Hi Raoul - and welcome to the forum. I will take your questions as an exercise towards perfecting / clarifying my argumentation against the possibility of rockets being propelled in the vacuum of space.RaoulMarz wrote:Coming back to the rocket - the propulsion is due to the pressure differential in this glob in which the rocket resides. So that it implies the high density gas would be in the area surrounding the rocket nozzle, and the lower density gas more or less above rocket nozzle in the direction of the nose cone.
I think that what you're saying is similar to what this self-professed 'rocket scientist' is saying :
The thing is, what Karen refers to is the recoil effect / or recoil force that occurs in nature when, for instance, you fire a gun: the bullet ( object A ) will exit at high speed from the gun's nozzle - and might even pierce an armor plate - while you ( object B ) will just feel a slight backward jolt in your wrist. The force of that jolt is given by the amount of air displaced by the gunpowder's explosion inside the gun's muzzle - while its energy is obviously proportionate to the bullet's weight / size / mass - AND SO ARE THE RELATIVE SPEEDS of the objects ( A & B ) involved: the bullet (object A ) will travel at maybe 1000km/h - while your wrist ( object B ) will be nudged backwards at, well... perhaps 10 km/h at the most?KAREN (self-professed rocket scientist of the Straightdope website) - says:
"The truth is that the rocket does have something to push against: namely, its own fuel."
http://www.straightdope.com/columns/rea ... m-of-space
Just for once - I'm going to trust Wickedpedia on this matter...
Similarly, if you sit in a wheelchair holding a basketball - and throw it with all your strength in front of you (at a speed of, say, 40km/h), this will not propel your wheelchair backwards at 40km/h. Yes, It will make you and your wheelchair slowly roll a bit backwards - but not much.Misconceptions about recoil
Although energy must be conserved, this does not mean that the kinetic energy of the bullet must be equal to the recoil energy of the gun: in fact, it is many times greater. For example, a bullet fired from an M16 rifle has approximately 1763 Joules of kinetic energy as it leaves the muzzle, but the recoil energy of the gun is less than 7 Joules.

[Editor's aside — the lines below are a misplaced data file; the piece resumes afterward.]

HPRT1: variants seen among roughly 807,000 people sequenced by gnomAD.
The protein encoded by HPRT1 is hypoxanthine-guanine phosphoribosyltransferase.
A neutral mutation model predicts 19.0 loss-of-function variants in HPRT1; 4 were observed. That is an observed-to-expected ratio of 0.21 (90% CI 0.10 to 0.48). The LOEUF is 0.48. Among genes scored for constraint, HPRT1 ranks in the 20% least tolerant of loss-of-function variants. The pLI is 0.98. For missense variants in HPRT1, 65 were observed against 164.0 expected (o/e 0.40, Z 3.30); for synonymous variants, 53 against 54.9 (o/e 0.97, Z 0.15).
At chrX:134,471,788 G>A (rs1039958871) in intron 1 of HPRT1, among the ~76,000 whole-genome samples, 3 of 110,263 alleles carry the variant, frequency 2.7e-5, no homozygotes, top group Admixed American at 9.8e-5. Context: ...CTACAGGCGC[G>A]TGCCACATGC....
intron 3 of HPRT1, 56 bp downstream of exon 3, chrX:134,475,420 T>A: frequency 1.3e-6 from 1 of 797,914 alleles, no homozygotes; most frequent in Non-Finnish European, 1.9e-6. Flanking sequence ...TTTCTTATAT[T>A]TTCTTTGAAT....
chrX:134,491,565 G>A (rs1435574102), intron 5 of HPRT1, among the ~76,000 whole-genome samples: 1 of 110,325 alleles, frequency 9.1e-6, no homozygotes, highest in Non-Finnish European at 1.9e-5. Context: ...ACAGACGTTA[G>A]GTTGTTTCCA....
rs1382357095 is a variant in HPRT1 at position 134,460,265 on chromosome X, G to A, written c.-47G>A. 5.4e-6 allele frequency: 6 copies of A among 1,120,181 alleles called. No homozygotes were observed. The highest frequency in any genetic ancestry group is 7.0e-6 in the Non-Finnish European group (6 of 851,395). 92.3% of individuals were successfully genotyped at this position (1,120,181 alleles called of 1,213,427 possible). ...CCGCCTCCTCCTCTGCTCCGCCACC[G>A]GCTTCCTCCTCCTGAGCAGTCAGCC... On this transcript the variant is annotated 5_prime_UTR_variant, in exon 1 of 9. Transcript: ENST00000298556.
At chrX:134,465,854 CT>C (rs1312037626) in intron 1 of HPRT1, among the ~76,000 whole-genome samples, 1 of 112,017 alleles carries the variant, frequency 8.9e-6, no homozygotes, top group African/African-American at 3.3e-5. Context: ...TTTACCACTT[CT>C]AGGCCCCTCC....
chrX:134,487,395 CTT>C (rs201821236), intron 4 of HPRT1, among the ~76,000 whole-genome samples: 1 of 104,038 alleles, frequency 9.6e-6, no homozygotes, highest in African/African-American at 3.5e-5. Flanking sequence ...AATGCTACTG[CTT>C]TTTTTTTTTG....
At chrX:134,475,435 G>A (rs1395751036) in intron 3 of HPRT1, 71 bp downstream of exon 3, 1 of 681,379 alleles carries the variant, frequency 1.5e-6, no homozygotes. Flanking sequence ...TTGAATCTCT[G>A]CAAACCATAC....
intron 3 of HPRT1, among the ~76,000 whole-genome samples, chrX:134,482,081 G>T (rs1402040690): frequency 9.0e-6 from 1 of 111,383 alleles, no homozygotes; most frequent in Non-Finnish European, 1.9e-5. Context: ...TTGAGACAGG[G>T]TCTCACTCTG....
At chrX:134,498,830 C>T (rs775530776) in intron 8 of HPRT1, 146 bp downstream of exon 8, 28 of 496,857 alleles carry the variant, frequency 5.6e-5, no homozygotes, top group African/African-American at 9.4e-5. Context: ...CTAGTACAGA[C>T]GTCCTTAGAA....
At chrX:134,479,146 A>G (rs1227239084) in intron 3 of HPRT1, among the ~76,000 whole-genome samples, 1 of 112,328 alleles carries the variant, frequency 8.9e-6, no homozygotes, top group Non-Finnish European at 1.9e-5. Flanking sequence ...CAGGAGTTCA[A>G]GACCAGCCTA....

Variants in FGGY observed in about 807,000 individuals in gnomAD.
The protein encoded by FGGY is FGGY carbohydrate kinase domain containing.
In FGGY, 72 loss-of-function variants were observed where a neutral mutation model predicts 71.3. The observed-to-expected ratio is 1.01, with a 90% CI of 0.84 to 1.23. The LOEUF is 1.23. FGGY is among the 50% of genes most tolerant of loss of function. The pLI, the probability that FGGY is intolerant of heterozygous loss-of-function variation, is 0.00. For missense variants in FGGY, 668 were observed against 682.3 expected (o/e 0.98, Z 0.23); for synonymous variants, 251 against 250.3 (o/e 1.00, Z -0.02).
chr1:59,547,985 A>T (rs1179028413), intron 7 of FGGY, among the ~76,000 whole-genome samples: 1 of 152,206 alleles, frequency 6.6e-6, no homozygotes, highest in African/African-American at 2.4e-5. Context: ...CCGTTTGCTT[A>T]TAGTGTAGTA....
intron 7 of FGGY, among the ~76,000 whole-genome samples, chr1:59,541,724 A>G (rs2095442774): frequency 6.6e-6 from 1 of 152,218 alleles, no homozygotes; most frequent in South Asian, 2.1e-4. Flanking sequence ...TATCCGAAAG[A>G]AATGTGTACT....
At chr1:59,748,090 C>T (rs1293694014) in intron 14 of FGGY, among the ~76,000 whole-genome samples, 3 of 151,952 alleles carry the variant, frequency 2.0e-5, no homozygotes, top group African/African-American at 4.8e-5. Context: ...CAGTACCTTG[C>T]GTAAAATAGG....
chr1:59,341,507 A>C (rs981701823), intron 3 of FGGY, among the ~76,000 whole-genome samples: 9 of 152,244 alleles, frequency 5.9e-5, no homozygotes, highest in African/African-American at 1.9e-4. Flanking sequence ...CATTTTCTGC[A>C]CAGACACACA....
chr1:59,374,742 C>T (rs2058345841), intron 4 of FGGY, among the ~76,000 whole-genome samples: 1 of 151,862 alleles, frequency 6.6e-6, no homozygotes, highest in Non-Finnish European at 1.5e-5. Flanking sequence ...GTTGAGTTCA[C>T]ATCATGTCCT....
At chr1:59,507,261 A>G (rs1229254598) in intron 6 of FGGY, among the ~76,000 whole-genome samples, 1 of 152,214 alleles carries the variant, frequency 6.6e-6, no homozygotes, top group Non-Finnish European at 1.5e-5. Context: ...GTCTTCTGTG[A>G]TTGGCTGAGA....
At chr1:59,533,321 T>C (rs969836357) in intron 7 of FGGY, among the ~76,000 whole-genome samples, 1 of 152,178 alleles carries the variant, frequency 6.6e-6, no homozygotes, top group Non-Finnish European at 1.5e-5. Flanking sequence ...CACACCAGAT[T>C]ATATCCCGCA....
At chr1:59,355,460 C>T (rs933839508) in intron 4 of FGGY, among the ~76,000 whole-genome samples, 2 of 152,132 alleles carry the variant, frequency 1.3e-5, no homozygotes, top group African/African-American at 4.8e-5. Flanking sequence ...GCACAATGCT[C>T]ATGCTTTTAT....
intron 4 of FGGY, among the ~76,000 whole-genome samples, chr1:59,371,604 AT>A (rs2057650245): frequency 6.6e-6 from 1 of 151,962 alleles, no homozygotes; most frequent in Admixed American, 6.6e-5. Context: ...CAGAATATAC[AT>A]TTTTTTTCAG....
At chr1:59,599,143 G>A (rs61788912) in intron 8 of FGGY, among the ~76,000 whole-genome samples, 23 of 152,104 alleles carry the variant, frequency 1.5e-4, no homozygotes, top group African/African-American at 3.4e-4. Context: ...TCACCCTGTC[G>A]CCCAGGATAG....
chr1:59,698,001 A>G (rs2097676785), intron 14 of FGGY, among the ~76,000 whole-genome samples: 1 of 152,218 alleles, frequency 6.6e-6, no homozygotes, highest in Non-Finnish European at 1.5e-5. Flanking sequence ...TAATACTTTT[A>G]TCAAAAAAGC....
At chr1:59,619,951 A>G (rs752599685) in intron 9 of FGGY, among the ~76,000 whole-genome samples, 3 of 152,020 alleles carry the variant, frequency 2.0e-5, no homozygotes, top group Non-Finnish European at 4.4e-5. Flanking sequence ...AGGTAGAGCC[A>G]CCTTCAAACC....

This is to say that I do not deny the existence of the recoil effect / or recoil force. However, I do not think that - as NASA claims - this effect is sufficient to propel, say, a 100.000kg rocket (still bound by Earth's gravity) at hypersonic speeds - just by ejecting a certain amount of fuel-per-second out of its nozzle. You may argue: "but NASA says the fuel is ejected at the hypersonic speed of 4,4 km/s!". Well, here we have another big problem with NASA's claims - because they also tell us that their rockets need to attain almost twice that speed (the famous "8km/s escape velocity") in order to exit our planet's atmosphere & gravitational pull. So, even if a given, constant mass of fuel is being ejected at 4,4km/s - it couldn't possibly propel the 100.000kg rocket mass at 8km/s !
Here is a diagram to illustrate my points, once again. Hopefully, it isn't too cluttered / unreadable (sorry for the vertical text!) :
(In the right-hand diagram, the puff seen below "A" symbolizes the free expansion of the rocket exhausts in the vacuum of space.
Any gases expelled in vacuum - as of the laws of thermodynamics - will not do any work whatsoever. Even Newton would agree!).
I dearly hope Karen-the-rocket-scientist (of the Straightdope website) will come by and defend her theories - and their website's slogan : "Fighting ignorance since 1973". http://www.straightdope.com/columns/rea ... m-of-space
We (the human species - or any of our gravity-bound objects) have no means to propel our weights beyond the boundaries of the fluids of air, much as dolphins have no means to propel their weights beyond the boundaries of the fluids of water. Squibs (calamari) propel themselves very fast indeed by ejecting water out of their bodies (much like rockets eject hot air from their nozzles), and sometimes, squibs will even jump out of the sea and crash-land upon ship decks. But so far, we don't know of any high-flying, cosmic space-squibs.